Useful for systems with multiboot

Google Bard gave me in german + english a useful systemd service code for adjusting timezone at boot allready

Bards german answer

Bards english answer

Or, y’know, you could just have checked in the forum:

[root tip] [How To] Get your time/timezone right using Manjaro/Windows dual-boot)

It might be in English, but I’m almost sure the commands don’t need translating and the rest is very easy.


You answer is correct … next time :slight_smile:

… but Bards answer is simpler !

Simply merging the following as a Windows registry file is arguably the most elegant solution.

This effectively sets BIOS to UTC rather than Local time (as default in US). Linux is typically smart enough to adjust date/time accordingly in a multiboot environment; though it can sometimes take a reboot (or two) for it to stick.

Windows Registry Editor Version 5.00


From that point forward, every subsequent Linux multiboot installation should automatically adjust to the desired parameters.

My take: The issue is caused by a design failure of Windows; let Windows assume the burden of repair. Linux already handles UTC with superior grace.


I’ve found the best, most elegant way to accomplish this, not too mention most reliable way, is to go get your Windows Installation media, use it to start a fire, with petrol if necessary, install Linux, preferably Manjaro but most, if not any distribution will do. Then sit back, and enjoy your freedom and time…works every time!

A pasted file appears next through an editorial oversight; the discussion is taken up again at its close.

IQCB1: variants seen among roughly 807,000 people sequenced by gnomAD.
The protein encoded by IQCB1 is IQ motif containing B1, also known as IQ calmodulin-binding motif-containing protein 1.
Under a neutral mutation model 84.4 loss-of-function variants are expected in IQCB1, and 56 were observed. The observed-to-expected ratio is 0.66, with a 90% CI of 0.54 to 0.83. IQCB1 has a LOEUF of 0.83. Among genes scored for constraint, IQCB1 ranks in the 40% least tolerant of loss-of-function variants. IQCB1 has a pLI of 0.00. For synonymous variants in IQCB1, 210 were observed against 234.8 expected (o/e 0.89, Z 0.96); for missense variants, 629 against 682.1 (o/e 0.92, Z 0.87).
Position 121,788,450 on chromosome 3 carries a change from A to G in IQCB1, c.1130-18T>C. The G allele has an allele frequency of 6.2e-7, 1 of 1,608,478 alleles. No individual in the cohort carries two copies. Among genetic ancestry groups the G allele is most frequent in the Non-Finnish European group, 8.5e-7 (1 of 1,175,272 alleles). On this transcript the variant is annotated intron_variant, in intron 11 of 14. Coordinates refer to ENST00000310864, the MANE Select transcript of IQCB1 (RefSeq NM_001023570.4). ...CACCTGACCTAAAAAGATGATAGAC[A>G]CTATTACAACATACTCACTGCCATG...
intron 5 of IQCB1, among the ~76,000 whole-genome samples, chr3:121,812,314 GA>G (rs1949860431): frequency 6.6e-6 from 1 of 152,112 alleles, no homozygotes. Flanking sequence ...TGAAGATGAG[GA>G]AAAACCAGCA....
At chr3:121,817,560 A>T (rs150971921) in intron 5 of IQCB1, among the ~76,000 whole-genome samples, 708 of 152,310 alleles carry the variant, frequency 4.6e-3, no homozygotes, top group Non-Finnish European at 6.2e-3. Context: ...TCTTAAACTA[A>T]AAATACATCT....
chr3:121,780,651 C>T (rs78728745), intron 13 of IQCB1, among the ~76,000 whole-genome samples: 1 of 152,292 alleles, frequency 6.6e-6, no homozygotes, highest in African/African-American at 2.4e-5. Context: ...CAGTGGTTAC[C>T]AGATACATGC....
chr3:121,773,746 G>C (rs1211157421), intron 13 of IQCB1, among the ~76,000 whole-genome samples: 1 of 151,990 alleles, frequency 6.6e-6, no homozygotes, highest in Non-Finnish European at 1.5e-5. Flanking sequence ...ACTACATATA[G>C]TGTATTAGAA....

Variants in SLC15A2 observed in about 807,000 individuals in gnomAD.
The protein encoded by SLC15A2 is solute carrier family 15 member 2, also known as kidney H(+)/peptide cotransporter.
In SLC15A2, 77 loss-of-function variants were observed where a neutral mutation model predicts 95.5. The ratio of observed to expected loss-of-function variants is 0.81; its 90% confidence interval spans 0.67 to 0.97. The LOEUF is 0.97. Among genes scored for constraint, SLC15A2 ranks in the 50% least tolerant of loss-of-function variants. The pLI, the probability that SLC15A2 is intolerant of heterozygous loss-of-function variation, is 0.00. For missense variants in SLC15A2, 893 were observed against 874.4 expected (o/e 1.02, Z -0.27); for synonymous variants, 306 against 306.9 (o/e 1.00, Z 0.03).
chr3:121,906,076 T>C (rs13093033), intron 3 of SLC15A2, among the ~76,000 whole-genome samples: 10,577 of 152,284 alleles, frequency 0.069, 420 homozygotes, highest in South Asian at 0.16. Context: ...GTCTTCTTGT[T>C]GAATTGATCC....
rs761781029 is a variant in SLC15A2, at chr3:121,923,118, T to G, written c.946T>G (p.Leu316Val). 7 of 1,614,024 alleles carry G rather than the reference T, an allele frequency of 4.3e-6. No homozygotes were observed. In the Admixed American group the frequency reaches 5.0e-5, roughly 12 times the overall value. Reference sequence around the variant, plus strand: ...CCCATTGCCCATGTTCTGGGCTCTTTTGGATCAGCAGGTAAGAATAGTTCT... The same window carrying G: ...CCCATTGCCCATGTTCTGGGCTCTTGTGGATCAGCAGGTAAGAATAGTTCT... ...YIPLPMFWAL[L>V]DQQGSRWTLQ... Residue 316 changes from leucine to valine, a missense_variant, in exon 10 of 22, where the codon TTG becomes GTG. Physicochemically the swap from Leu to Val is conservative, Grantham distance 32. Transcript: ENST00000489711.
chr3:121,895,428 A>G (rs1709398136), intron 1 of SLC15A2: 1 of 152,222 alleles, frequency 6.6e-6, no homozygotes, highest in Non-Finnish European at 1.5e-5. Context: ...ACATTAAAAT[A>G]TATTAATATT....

:grin: :wink:


And what to do with Fedora 38, that also changes timezone as windows does?

My previous answer will also be applicable to that:

Albeit with a few modifications.

Perhaps you could provide context?

Diesel; it burns slower, to prolong the satisfaction.

:point_up_2: Pro tip :point_up_2:

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I have the perfect comment for that abominable AI overcomplication (to make a custom service to set a timezone which is already set and actually does not solve the problem, which is actually in another OS)

The real decline and tragic and slow death of humanity will start when humans start to learn things from AI…which is…obviously now.


It’s a sad day when humans become stupider and machines become smarter.


In Einsteinian parlance; there is no limit to human stupidity.


Another beautiful example. My last hope is that at least in the EU they still don’t use too much AI in the law enforcement. Companies already do and sometimes is impossible to asks for support because there are no humans and the AI bot knows only “it should have worked” . I recently had to verify identity remotely, which should be pretty simple process - you scan the id card and make a selfie…no amount of head turning, background change, shirt change, with or without glasses did the job…after 3 days and 3 calls with support, they just gave up and said…well, you know, you are not the first. After the last update in the software of our provider there are problems with german driving licenses…just use some other ID, preferably from another country…it took 10 seconds to work. But what if an average Joe never leaves the country and has no travel pass for example. So that is the state of AI today.

Don’t tell me; you were a huge fan of the Robocop franchise? :slight_smile:

“You have 10 seconds to comply…”

Seriously; AI is a growing concern, in so many respects, but we always knew it would be. The real danger isn’t from AI, but from humanity; and what may be done with it.

Artificial intelligence is no match for natural stupidity…


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